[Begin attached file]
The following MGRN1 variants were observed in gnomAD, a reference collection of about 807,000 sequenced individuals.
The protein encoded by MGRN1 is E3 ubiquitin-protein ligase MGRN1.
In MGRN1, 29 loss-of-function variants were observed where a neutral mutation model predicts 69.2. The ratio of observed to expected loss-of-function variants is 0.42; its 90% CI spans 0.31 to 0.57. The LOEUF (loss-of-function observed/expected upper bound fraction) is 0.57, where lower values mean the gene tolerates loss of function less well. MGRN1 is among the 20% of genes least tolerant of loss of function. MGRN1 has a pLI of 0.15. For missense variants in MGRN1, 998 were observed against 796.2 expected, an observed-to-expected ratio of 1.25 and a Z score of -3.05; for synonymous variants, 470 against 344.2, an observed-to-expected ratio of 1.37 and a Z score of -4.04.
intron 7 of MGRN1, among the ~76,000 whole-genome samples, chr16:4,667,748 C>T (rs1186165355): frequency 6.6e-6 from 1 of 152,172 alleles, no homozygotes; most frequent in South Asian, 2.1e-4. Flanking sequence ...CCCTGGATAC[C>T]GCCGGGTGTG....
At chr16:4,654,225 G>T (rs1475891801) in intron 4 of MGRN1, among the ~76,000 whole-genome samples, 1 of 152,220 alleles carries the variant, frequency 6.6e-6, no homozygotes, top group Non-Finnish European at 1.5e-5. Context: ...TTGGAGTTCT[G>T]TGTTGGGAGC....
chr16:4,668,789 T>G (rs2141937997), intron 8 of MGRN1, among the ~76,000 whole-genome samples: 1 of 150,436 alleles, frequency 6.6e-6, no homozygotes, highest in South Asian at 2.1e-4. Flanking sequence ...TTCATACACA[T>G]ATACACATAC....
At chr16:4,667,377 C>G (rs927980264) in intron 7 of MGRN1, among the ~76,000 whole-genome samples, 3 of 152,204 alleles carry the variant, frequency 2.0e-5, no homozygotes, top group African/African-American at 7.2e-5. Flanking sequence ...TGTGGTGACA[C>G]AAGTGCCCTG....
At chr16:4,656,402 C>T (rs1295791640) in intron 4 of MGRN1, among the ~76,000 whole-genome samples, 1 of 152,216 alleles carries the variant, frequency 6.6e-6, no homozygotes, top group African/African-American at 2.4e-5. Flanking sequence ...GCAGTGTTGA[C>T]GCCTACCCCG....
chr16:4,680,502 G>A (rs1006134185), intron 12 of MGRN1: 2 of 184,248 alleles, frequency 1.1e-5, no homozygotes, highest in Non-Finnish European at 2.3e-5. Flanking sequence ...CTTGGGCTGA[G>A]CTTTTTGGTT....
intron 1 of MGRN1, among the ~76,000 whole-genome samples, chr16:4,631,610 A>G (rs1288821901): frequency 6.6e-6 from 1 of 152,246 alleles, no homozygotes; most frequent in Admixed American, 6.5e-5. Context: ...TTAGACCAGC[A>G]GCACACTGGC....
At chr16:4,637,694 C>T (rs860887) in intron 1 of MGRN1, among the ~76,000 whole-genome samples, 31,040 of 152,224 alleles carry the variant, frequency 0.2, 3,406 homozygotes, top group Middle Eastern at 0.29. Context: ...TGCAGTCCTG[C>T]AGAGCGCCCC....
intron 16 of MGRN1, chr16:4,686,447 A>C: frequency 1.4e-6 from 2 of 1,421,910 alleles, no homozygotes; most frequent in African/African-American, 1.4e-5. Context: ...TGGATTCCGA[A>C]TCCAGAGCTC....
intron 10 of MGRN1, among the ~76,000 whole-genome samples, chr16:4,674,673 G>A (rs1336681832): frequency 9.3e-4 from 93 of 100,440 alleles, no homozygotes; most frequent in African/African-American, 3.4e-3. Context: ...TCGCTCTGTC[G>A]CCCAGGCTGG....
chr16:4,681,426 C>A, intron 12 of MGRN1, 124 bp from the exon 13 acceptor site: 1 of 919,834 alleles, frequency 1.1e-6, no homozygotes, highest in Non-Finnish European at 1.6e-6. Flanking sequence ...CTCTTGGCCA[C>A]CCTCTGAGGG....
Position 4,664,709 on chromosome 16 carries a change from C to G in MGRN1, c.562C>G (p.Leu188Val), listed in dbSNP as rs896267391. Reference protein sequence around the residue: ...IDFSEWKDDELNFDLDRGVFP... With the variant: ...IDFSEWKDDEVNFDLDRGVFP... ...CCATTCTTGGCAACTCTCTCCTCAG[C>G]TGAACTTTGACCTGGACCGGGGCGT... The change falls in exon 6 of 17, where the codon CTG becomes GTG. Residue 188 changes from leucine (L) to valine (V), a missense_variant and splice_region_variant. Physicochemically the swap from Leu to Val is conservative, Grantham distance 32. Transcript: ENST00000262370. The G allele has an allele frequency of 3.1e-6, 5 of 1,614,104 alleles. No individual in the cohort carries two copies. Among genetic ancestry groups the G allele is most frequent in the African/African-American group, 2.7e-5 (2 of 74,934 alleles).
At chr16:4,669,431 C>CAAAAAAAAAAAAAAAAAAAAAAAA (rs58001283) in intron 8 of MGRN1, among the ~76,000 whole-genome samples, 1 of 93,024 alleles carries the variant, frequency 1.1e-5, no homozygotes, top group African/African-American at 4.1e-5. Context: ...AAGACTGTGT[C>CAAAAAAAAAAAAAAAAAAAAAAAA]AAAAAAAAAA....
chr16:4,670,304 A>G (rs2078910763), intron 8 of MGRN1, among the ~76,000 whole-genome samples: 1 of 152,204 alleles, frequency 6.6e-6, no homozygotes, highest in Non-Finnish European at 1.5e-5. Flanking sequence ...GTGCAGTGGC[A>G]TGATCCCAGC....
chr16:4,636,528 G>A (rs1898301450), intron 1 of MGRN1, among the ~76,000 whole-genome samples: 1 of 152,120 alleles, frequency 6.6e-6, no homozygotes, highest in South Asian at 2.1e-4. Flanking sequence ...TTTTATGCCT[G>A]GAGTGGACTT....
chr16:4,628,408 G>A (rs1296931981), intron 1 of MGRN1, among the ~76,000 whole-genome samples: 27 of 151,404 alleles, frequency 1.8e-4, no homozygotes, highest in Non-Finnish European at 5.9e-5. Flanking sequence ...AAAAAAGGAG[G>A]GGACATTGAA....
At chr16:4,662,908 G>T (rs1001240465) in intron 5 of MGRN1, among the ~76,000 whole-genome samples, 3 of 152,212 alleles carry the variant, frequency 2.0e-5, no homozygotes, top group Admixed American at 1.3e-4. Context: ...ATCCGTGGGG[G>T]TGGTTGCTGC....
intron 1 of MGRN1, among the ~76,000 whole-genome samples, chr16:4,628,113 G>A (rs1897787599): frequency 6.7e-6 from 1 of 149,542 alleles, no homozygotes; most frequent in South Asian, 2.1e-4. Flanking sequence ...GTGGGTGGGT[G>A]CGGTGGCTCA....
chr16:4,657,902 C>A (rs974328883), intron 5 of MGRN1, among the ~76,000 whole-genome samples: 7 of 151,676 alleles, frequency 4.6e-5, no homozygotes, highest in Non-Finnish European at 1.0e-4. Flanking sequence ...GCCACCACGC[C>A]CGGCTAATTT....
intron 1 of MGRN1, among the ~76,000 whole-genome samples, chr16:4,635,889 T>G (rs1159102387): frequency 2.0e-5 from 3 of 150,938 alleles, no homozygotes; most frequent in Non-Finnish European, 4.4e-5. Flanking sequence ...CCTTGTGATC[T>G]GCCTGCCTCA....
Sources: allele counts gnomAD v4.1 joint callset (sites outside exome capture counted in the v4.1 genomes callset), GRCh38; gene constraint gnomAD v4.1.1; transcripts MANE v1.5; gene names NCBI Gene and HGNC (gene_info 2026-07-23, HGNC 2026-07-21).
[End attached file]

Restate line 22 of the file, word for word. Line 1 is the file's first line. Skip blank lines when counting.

chr16:4,657,902 C>A (rs974328883), intron 5 of MGRN1, among the ~76,000 whole-genome samples: 7 of 151,676 alleles, frequency 4.6e-5, no homozygotes, highest in Non-Finnish European at 1.0e-4. Flanking sequence ...GCCACCACGC[C>A]CGGCTAATTT....